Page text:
Throughout the world, the proletariat is being subjected to state terror in the name of the fight against terrorism. Not only the terror imposed by the climate of national chauvinism, but also by the very concrete measures of repression being set up throughout the world. The very real fear generated by the events in the USA provides the ruling class with the perfect climate to increase its whole system of police controls, identity checks, phone-tapping and other ‘security’ measures, a system that will in future be used not against terrorist suspects but against workers and revolutionaries fighting capitalism. The issue of identity cards in Britain and the USA is just the tip of this iceberg.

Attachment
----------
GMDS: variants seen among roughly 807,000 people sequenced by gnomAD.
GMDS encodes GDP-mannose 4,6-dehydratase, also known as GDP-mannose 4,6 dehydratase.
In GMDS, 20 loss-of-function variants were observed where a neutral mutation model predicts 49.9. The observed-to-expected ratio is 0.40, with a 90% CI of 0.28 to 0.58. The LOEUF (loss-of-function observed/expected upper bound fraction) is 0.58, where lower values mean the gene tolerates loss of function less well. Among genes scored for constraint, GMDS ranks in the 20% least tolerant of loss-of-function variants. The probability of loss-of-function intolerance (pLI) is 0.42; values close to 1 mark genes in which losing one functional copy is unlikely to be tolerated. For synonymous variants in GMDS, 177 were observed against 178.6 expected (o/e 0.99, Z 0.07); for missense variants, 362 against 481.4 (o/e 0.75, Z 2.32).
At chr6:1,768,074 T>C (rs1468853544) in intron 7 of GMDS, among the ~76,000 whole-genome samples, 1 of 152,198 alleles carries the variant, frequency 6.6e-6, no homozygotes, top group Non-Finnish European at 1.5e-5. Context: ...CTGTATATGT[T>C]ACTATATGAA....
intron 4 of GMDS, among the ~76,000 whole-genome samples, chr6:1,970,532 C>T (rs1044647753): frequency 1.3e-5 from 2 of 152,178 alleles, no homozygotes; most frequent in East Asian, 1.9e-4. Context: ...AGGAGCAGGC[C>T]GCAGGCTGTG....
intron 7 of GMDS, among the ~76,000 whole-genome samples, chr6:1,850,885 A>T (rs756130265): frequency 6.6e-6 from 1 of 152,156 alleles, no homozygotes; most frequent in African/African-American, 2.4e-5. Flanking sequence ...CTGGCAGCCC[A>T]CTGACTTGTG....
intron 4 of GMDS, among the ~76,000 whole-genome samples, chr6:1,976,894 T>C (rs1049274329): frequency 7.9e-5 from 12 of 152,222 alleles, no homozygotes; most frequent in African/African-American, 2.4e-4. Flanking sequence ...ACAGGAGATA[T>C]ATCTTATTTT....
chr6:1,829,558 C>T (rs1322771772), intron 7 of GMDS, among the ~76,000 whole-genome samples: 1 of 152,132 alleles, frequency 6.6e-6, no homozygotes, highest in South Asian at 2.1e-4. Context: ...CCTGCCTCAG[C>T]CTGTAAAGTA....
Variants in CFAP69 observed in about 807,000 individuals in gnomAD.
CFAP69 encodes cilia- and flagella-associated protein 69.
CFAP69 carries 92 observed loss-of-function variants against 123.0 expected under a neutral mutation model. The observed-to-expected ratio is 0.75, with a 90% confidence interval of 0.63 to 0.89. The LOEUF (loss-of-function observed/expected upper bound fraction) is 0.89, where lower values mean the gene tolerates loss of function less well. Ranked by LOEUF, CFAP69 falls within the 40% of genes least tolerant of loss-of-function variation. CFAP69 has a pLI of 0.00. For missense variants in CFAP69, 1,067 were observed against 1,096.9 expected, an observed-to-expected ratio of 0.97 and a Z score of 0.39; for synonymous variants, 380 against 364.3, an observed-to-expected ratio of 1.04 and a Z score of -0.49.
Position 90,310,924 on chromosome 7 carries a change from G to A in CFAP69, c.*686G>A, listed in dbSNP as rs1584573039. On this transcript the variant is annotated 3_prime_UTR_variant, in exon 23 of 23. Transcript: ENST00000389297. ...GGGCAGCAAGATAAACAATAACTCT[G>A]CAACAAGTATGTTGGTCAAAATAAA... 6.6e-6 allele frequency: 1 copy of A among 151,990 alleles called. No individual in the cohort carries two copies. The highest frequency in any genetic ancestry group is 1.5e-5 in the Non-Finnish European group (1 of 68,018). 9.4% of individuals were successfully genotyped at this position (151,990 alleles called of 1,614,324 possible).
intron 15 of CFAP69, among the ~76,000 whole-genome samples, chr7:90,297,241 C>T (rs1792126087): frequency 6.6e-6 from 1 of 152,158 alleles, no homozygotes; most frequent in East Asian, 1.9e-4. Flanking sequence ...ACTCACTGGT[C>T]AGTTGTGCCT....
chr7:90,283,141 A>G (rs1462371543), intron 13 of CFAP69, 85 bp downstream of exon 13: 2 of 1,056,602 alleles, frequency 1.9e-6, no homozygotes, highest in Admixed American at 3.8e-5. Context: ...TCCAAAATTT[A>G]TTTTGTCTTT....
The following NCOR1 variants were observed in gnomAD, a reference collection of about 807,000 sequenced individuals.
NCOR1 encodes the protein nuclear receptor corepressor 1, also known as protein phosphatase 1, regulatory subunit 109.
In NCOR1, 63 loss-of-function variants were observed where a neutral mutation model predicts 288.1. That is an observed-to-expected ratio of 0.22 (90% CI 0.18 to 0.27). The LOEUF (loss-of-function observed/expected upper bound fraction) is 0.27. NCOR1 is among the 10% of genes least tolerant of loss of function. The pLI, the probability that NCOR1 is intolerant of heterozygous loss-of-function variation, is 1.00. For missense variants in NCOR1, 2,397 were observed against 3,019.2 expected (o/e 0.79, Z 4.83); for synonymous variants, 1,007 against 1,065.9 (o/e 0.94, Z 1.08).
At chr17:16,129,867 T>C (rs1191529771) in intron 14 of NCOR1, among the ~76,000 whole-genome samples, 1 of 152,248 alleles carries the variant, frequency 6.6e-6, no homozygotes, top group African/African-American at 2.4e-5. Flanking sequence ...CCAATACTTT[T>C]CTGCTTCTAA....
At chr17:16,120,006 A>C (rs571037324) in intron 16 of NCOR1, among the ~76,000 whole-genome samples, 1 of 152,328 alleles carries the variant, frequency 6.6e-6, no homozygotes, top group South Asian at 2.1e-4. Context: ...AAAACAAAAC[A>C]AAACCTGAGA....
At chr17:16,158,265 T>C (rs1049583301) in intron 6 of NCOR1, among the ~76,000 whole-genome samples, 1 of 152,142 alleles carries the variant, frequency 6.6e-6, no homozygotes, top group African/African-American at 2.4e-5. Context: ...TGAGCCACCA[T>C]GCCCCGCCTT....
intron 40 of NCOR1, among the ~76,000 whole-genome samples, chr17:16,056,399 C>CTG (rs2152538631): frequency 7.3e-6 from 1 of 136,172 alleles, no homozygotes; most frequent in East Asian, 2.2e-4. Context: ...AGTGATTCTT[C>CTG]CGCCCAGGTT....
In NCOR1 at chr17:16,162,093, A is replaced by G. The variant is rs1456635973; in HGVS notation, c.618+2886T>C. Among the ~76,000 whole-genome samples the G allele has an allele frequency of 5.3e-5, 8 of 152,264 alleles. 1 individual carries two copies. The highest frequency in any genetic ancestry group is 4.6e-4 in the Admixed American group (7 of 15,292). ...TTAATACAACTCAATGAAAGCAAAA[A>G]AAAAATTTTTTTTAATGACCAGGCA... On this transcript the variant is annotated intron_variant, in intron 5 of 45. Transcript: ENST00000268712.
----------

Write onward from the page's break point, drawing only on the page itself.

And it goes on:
The answer to war is not pacifism but the class struggle
The ruling class knows that it needs the loyal support of the entire population, but above all of the working class, if it is to take its imperialist designs onto a new level. It knows that the only real obstacle to war is the working class, which produces the vast majority of social wealth, which is the first to die in capitalism’s wars. And this is precisely why the workers must reject any identification with any national interest. To struggle against the march towards war, they must revive and develop the struggle for their own class interests. The struggle against redundancies being demanded not only as a result of the recession but also as a consequence of the terrorist attacks. The struggle against sacrifices at work, imposed to strengthen the ailing national economy or the war effort. The struggle against repression justified by the hunt for terrorists and subversives. It is this struggle alone which can enable the workers to understand the need for international class solidarity with all the victims of capitalist crisis and devastation; it is this struggle which alone can open up the perspective of a new society free from exploitation and war.